Iron is a gorgeous, traditional and incredibly versatile addition to any property. In any ordinary home you may find cast or wrought iron used in garden furniture, gates and fences, window boxes and other exterior fittings. This is also true for interior fittings such as balustrades and banisters, fireplaces as well as of course pokers and tongs and the like, bedsteads, coffee or occasional tables and other decorative furniture, as a frame for a picture or a mirror, to make a decorative light fitting, in functional items such as clothes horses and—of course—the best griddle pans, frying pans and other cookware you'll ever use. It's a durable material with a hundred potential uses, but all that cast iron will need some maintenance in the end!
The good news is that it's still extremely easy, and there are only a few simple steps you need to take to keep your beautiful iron fixtures looking good as new for many decades to come. This article will concentrate on the care and maintenance of cast iron kept in the outdoors, as exposure to the elements necessitates a little extra care.
Prevention is Better Than Cure
One of the best things you can do is to paint your exterior iron. Iron does rust, and avoiding that is your biggest task when you're trying to maintain it; paint, on the other hand, will create a barrier between the iron and the outside world that keeps the rain and humidity out and stops rust spots from forming. Painted iron has a very different kind of a look to exposed cast iron, though, so it's understandable if you feel that you'd rather not paint it. Almost any kind of wax—beeswax is traditional—will offer some measure of protection, and is perfectly sufficient in drier climates such as in much of Australia. If you live somewhere that rains a little more often or experiences frosts sometimes during winter, however, you may wish to purchase a professional-quality iron sealant from your local hardware store.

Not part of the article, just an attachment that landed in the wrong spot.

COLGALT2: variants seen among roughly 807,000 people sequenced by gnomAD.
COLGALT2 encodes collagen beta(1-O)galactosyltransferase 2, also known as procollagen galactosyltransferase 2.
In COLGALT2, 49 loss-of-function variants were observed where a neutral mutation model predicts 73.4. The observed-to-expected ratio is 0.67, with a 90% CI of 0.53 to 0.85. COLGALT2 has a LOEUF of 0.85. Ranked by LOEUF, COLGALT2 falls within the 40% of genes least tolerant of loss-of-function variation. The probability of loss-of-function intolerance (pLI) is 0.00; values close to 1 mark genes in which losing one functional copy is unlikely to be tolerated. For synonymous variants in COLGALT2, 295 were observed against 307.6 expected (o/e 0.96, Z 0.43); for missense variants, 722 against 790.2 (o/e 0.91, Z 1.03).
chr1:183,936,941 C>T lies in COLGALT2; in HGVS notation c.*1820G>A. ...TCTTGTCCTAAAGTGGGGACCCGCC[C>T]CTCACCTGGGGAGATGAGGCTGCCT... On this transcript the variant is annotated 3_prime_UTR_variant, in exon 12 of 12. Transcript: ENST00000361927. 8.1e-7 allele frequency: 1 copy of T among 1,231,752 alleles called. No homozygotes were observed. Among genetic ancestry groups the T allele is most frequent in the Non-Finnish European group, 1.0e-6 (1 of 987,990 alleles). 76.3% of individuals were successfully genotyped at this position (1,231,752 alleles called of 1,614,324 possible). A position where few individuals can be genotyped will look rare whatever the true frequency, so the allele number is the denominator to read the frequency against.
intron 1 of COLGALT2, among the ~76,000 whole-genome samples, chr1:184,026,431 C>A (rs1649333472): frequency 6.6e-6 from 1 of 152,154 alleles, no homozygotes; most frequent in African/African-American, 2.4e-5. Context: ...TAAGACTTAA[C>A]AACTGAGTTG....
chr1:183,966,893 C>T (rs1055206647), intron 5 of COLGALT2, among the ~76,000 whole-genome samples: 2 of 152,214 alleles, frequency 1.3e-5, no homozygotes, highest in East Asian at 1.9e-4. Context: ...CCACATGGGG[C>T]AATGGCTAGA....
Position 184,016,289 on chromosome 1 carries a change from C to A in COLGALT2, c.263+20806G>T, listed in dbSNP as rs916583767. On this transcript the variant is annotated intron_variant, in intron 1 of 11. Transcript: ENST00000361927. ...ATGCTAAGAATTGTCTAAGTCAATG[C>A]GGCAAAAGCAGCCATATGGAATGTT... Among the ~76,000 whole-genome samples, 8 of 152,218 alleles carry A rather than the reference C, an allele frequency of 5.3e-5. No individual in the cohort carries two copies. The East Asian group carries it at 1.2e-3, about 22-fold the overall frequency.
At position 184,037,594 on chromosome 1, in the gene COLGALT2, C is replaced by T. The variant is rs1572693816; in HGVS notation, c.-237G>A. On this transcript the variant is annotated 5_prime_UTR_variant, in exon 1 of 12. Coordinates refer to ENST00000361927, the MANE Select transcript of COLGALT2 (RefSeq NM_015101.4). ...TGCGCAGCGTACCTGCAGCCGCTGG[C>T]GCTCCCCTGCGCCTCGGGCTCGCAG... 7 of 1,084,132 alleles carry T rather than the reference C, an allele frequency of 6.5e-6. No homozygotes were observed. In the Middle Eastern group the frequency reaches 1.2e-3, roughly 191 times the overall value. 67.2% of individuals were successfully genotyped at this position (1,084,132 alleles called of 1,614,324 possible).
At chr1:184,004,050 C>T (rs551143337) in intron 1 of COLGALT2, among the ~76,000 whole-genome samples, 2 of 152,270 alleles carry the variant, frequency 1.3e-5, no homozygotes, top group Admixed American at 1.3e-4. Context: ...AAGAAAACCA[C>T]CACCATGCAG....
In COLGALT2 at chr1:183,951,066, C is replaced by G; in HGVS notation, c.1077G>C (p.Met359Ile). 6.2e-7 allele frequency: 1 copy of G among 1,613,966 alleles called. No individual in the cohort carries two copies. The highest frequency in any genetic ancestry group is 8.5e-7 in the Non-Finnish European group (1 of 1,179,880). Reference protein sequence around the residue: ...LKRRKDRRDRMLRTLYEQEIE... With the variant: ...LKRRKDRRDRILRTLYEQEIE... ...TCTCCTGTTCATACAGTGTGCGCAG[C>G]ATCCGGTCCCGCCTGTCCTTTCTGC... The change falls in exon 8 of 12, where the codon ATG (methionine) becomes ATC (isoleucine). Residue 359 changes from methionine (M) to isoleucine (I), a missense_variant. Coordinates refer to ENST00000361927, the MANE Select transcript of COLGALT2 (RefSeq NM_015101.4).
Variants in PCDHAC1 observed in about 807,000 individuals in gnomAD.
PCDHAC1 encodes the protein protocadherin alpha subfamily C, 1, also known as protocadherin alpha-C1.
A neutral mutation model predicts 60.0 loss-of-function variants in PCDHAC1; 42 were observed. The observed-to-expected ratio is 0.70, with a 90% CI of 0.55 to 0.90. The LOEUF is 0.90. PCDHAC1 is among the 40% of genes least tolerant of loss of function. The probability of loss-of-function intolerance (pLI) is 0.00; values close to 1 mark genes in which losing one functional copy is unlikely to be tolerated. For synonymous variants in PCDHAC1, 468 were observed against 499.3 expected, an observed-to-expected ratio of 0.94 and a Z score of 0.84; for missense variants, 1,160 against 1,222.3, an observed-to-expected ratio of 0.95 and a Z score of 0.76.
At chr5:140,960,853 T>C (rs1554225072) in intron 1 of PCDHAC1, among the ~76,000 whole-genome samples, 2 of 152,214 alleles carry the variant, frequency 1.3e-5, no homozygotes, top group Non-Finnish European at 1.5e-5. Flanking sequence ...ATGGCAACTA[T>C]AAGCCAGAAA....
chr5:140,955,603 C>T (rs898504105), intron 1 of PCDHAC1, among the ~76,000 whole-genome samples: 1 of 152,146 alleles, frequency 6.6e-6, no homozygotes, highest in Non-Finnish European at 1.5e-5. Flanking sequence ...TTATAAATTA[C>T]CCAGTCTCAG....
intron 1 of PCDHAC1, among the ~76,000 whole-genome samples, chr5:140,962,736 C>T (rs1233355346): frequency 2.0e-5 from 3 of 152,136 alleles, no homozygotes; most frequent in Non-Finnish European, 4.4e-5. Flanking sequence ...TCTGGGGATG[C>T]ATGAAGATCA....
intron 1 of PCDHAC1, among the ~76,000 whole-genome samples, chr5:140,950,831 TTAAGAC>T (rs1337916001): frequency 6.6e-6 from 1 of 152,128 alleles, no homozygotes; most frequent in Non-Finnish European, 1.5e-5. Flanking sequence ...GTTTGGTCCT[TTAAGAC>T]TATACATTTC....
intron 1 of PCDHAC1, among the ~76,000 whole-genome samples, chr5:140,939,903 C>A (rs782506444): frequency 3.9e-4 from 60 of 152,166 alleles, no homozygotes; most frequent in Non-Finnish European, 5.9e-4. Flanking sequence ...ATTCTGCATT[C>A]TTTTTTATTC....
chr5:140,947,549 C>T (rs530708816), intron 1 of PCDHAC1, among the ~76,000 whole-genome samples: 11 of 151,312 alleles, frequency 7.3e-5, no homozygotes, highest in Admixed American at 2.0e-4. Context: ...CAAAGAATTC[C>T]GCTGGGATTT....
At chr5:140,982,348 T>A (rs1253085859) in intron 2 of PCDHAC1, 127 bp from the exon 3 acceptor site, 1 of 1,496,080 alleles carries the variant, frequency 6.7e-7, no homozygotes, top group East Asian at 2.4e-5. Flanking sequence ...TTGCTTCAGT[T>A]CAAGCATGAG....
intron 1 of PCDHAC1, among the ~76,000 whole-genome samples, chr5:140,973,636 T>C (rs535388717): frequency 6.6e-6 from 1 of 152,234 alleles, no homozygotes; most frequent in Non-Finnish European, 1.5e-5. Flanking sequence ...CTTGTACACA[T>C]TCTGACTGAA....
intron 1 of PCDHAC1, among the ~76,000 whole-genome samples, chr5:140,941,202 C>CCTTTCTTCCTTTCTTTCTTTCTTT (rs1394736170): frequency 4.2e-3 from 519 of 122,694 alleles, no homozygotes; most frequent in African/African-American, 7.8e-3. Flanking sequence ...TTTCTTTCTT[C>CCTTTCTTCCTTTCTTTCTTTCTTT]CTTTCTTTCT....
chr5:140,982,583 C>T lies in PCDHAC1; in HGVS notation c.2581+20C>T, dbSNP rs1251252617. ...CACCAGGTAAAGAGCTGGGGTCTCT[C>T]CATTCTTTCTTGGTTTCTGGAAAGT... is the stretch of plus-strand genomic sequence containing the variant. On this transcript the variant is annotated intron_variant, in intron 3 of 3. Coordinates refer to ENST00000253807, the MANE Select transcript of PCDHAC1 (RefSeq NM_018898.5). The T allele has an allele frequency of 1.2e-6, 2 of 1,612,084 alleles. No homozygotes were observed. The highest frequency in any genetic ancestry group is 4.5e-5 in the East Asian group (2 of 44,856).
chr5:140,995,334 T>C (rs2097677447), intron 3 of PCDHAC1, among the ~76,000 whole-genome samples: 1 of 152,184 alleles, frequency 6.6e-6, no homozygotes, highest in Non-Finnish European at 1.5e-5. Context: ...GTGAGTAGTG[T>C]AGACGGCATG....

Keep It Clean & Keep an Eye
Keeping your iron clean will make it easier to see any potential issues, as well as making sure it looks incredible. A mixture of warm water and a little ordinary washing up liquid is all you need; you can swiftly wipe down most of it with a sponge. There may be some small flecks of rust, which can be scrubbed away using a toothbrush. If your iron is painted, keep an eye out for chips in the paint and repair them as quickly as you can. Try to do this on a dry day, so that your iron will dry out quickly rather than sit damp and risk rusting up again.
Nip Problems in the Bud
Bent or broken iron is more likely to rust, and since it is weaker it can put the rest of the object it forms at risk. Plus, it looks neglected. If part of your iron fixture bends, you may be able to fix it yourself using a blowtorch and a hammer--but if you're not confident you can do that safely, get a professional in. If you find a rust spot that has bedded in a little, you need to move quickly to stop it in its tracks; use steel wool to scrub it off as thoroughly as you can, and then apply a generous coat of wax to keep it from spreading. If there are many such spots you may need to call in a professional to deal with them--but they'll appreciate finding that your iron has been looked after beforehand!